What a magnificent sound, what a splendid feeling for what is fundamental! Daniel Müller-Schott is an exceptional cellist – one who acknowledges the good traditional aspects, yet without appearing to be old-fashioned. On the contrary; even though Müller-Schott can make his cello “sing” all the time, he never loses sight of the musical line. In his playing, everything is influenced by a certain objectivity and instrumental clarity, yet these are characteristics which never have an academic and neutral effect but perfectly complement the expressiveness, virtuosity and traditional beauty. The listener is so fascinated by Müller-Schott’s interpretation that he or she only becomes aware of pianist Robert Kulek on a second listening. And immediately it becomes clear that he, too, is a brilliant musician and partner.
Supersonic, pizzicato.lu, Steff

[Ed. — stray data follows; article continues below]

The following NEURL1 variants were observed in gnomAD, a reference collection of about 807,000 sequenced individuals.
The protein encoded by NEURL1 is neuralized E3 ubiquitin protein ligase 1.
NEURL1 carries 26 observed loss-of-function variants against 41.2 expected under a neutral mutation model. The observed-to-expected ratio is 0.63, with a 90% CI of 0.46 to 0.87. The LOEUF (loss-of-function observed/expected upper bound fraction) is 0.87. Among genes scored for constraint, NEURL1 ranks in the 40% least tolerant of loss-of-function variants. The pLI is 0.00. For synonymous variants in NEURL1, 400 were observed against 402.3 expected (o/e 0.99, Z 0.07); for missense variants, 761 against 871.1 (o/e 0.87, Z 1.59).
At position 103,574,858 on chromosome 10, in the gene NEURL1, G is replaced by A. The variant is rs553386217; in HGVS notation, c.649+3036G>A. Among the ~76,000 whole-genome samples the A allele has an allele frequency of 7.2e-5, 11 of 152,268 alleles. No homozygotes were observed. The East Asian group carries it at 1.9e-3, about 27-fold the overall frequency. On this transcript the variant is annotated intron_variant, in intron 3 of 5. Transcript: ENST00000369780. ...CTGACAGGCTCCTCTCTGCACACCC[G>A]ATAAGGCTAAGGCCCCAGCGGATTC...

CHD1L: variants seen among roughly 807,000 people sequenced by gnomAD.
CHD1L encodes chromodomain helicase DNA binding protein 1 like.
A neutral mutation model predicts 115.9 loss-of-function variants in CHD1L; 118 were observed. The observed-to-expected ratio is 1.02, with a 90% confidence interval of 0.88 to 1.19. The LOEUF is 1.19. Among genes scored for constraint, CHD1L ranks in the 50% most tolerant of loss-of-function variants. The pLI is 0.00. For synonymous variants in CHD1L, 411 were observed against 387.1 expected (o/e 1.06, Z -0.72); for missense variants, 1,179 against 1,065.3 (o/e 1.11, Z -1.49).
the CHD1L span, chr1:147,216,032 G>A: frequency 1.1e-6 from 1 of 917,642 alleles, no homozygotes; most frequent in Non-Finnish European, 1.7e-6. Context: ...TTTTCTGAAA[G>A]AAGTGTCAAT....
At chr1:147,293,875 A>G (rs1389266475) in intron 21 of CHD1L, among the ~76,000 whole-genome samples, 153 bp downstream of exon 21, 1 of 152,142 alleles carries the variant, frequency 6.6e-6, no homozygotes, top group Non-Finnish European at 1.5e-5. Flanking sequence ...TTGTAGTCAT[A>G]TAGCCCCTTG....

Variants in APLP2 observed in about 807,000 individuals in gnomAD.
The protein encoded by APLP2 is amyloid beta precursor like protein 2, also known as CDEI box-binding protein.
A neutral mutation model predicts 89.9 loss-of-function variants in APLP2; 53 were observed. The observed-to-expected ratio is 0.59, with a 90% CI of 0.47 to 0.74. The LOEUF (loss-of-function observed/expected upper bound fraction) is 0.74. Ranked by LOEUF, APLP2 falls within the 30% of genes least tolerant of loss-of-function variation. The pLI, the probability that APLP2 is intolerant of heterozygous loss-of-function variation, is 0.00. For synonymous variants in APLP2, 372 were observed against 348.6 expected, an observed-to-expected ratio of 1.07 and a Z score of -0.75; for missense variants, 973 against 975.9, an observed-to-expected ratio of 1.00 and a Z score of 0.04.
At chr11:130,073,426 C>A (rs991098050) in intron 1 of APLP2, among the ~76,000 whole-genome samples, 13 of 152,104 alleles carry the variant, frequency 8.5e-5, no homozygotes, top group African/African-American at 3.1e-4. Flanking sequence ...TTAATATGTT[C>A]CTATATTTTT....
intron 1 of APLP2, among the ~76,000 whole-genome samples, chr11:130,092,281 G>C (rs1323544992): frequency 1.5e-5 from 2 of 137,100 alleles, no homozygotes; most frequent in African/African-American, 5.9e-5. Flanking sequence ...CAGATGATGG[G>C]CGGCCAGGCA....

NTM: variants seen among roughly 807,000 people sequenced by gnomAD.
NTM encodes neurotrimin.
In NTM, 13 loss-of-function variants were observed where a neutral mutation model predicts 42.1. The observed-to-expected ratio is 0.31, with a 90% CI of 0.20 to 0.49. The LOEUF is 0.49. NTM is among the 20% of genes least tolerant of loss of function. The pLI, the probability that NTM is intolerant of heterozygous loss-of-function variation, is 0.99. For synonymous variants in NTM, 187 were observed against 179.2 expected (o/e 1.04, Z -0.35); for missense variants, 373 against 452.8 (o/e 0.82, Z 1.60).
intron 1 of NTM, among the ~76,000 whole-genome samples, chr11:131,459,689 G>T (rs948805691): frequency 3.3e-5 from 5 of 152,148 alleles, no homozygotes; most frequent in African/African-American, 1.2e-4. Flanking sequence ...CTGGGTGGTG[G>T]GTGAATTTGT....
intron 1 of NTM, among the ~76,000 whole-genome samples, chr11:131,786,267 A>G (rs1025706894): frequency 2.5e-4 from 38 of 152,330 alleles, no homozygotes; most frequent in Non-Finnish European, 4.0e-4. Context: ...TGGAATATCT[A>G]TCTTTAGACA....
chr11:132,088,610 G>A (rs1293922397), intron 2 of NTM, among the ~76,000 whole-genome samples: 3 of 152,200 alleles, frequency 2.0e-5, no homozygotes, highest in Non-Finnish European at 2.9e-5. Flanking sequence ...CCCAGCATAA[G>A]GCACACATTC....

... Daniel Müller-Schott is a truly charismatic player, technically brilliant and with a penetrating, highly expressive tone. He’s well partnered by Robert Kulek and the duo is recorded with vivid realism, so this Schumann has many advantages. The single original work, the Fünf Stücke im Volkston, is supplemented, not just by the Opp 70, 73, and 94 pieces in which the cello is a familiar alternative to the original scoring for wind, but with three effective arrangements by Müller-Schott himself.
Several of the performances are really fine: a heart-on-sleeve account of Op 70’s Adagio, leading to same splendidly incisive playing in the following Allegro, a performance of the Volkston pieces that grabs every opportunity to present quirky individuality, alternating with a mood of intense meditation in the second piece. And the Fantasiestücke have a lyrical fullness that speaks directly to the listener. ...
The gramophone, Dezember 2005, Duncan Druce
“In the meantime, the young cellist from Munich has become one of the best in his field. Without any excessive flourishes, moving purposefully along the melodic line, on his new CD, he plays Robert Schumann’s pieces for cello. Moving, intimate romanticism without any sentimentality.”
FOCUS 6/2005, CD-Tipp